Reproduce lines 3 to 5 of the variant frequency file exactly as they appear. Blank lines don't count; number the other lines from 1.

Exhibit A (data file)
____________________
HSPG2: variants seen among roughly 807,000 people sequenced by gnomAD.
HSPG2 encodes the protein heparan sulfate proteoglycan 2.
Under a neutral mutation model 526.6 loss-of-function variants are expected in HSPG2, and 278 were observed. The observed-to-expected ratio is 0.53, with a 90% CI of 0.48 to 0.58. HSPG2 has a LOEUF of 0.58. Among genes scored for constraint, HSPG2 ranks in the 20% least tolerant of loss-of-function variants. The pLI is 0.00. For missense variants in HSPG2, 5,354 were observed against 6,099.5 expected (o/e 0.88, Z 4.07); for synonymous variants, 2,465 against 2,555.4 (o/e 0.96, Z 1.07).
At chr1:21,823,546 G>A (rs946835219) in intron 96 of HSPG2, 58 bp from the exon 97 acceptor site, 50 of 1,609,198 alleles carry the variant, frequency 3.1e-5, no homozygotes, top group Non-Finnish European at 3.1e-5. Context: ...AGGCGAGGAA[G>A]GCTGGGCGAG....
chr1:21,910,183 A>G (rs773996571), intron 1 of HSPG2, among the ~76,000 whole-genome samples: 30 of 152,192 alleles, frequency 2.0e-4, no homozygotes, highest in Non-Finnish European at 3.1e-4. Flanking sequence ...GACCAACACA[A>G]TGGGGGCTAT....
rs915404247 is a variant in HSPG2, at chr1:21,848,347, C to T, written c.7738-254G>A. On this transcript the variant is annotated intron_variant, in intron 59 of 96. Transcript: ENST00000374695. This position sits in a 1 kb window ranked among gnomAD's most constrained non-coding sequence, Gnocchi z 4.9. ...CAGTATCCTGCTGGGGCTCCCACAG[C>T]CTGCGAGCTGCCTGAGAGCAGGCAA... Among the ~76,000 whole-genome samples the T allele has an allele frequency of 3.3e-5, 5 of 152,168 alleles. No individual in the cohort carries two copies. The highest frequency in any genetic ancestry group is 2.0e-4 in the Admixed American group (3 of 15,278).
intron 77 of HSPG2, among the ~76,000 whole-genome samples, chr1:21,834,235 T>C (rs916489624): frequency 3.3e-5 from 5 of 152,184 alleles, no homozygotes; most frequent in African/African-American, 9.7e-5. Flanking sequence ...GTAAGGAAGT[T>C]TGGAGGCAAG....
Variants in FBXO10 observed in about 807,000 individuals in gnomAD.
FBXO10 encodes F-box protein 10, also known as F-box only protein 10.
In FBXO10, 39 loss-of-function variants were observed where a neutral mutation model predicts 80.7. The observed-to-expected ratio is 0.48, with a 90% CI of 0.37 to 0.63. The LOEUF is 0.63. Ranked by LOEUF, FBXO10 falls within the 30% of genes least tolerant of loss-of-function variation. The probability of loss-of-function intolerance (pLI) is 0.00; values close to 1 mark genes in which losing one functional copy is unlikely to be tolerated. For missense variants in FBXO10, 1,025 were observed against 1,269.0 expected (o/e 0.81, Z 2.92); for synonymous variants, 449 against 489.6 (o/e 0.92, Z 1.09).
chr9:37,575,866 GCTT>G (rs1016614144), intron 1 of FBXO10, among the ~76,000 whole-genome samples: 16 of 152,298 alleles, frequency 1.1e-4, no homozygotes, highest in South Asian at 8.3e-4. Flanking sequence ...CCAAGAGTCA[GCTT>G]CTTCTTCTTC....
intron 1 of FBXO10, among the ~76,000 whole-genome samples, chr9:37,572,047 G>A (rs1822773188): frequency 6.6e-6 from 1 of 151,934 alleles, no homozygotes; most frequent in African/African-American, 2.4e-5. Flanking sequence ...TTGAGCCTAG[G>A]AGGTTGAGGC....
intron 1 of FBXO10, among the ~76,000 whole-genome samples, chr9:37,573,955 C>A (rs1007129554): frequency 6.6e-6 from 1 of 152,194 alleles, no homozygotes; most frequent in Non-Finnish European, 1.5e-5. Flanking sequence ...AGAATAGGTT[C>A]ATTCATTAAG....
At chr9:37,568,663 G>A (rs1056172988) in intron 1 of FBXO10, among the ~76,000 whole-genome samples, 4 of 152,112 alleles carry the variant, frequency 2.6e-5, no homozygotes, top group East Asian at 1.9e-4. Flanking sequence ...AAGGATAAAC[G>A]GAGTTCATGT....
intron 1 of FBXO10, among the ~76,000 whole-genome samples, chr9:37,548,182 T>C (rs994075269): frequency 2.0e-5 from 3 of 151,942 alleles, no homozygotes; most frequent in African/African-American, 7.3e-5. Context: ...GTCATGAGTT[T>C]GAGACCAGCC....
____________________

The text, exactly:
Under a neutral mutation model 526.6 loss-of-function variants are expected in HSPG2, and 278 were observed. The observed-to-expected ratio is 0.53, with a 90% CI of 0.48 to 0.58. HSPG2 has a LOEUF of 0.58. Among genes scored for constraint, HSPG2 ranks in the 20% least tolerant of loss-of-function variants. The pLI is 0.00. For missense variants in HSPG2, 5,354 were observed against 6,099.5 expected (o/e 0.88, Z 4.07); for synonymous variants, 2,465 against 2,555.4 (o/e 0.96, Z 1.07).
At chr1:21,823,546 G>A (rs946835219) in intron 96 of HSPG2, 58 bp from the exon 97 acceptor site, 50 of 1,609,198 alleles carry the variant, frequency 3.1e-5, no homozygotes, top group Non-Finnish European at 3.1e-5. Context: ...AGGCGAGGAA[G>A]GCTGGGCGAG....
chr1:21,910,183 A>G (rs773996571), intron 1 of HSPG2, among the ~76,000 whole-genome samples: 30 of 152,192 alleles, frequency 2.0e-4, no homozygotes, highest in Non-Finnish European at 3.1e-4. Flanking sequence ...GACCAACACA[A>G]TGGGGGCTAT....